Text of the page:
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Time and emotion — these are the two things most often wasted during a negotiation. We simply spend too much time on items that don’t really matter, because we let our emotions override any semblance …
Time and emotion — these are the two things most often wasted during a negotiation. We simply spend too much time on items that don’t really matter, because we let our emotions override any semblance of logic.
It is a natural human response to act negatively, reactively, and emotionally to any negotiation points that are counter to one’s pre-disposed positions. It is also poor negotiation practice.
The mere fact of having a position lies at the root of why we get caught up in the drama of a negotiation, rather than focusing on the plotline or ending (i.e. goal) toward which we are striving.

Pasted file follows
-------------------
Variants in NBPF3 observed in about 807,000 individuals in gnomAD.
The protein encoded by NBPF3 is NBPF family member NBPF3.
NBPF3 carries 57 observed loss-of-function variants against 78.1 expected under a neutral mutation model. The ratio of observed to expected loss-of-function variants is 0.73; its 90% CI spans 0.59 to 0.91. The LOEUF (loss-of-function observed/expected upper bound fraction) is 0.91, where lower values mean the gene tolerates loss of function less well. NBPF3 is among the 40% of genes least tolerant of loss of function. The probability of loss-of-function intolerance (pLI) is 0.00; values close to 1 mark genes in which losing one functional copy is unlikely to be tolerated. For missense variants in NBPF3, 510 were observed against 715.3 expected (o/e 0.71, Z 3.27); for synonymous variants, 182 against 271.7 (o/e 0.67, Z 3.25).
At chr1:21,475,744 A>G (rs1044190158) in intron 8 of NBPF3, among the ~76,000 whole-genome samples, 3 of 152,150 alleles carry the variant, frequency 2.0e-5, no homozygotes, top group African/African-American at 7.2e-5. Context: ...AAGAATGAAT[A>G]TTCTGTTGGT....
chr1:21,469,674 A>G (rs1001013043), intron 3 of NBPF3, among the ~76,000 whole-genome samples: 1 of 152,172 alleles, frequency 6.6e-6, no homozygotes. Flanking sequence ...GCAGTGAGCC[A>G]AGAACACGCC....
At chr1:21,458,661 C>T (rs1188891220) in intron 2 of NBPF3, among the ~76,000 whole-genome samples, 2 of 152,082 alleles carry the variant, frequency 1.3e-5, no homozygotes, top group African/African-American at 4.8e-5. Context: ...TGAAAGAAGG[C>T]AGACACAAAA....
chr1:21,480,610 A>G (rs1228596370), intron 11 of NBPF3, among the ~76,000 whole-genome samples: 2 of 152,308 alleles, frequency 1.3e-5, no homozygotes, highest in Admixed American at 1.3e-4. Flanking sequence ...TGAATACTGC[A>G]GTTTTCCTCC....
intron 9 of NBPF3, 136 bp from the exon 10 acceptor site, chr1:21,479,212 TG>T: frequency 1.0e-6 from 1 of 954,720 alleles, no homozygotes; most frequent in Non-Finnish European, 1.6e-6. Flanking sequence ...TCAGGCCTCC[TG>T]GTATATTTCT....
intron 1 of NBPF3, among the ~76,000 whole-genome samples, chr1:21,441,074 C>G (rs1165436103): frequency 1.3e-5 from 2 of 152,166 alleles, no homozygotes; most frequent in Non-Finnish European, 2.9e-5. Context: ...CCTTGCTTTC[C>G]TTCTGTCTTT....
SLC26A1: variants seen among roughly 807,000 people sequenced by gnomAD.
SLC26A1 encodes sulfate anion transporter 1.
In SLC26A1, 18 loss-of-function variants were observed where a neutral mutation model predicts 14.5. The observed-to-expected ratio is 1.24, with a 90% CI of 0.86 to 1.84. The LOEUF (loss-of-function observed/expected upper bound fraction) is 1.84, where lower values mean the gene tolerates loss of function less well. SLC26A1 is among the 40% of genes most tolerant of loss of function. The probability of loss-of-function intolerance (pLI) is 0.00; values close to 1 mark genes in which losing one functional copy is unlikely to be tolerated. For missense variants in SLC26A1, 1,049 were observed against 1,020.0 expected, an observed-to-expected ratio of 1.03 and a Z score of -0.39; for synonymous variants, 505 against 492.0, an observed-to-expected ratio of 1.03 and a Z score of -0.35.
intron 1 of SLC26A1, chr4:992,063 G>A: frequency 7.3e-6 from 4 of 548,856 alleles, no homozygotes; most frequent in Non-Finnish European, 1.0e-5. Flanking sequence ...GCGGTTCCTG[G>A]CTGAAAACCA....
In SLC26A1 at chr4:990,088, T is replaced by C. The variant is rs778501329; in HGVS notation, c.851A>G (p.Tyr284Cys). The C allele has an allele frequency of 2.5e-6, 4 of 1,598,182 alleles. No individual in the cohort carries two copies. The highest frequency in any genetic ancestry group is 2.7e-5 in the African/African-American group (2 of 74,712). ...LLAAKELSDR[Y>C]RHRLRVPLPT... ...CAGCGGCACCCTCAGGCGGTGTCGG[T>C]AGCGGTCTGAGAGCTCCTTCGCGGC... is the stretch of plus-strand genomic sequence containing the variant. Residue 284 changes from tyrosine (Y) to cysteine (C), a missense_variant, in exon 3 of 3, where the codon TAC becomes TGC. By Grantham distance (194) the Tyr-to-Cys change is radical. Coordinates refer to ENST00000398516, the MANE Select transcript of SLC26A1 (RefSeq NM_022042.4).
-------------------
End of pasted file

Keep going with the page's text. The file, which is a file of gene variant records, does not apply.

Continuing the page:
In business school, students are sometimes taught the difference between position-based versus interest-based negotiation. When you focus on the differences between your positions rather than the commonality of your interests, little progress can be made.
There is nothing necessarily wrong with having a going-in negotiating position, and we can’t really avoid having pre-existing assumptions and desires. But when we don’t get what we want and frustration ensues, what can we do?
The key is to understand five areas that can both help move a negotiation forward and in doing so usually advance us to where we want to be: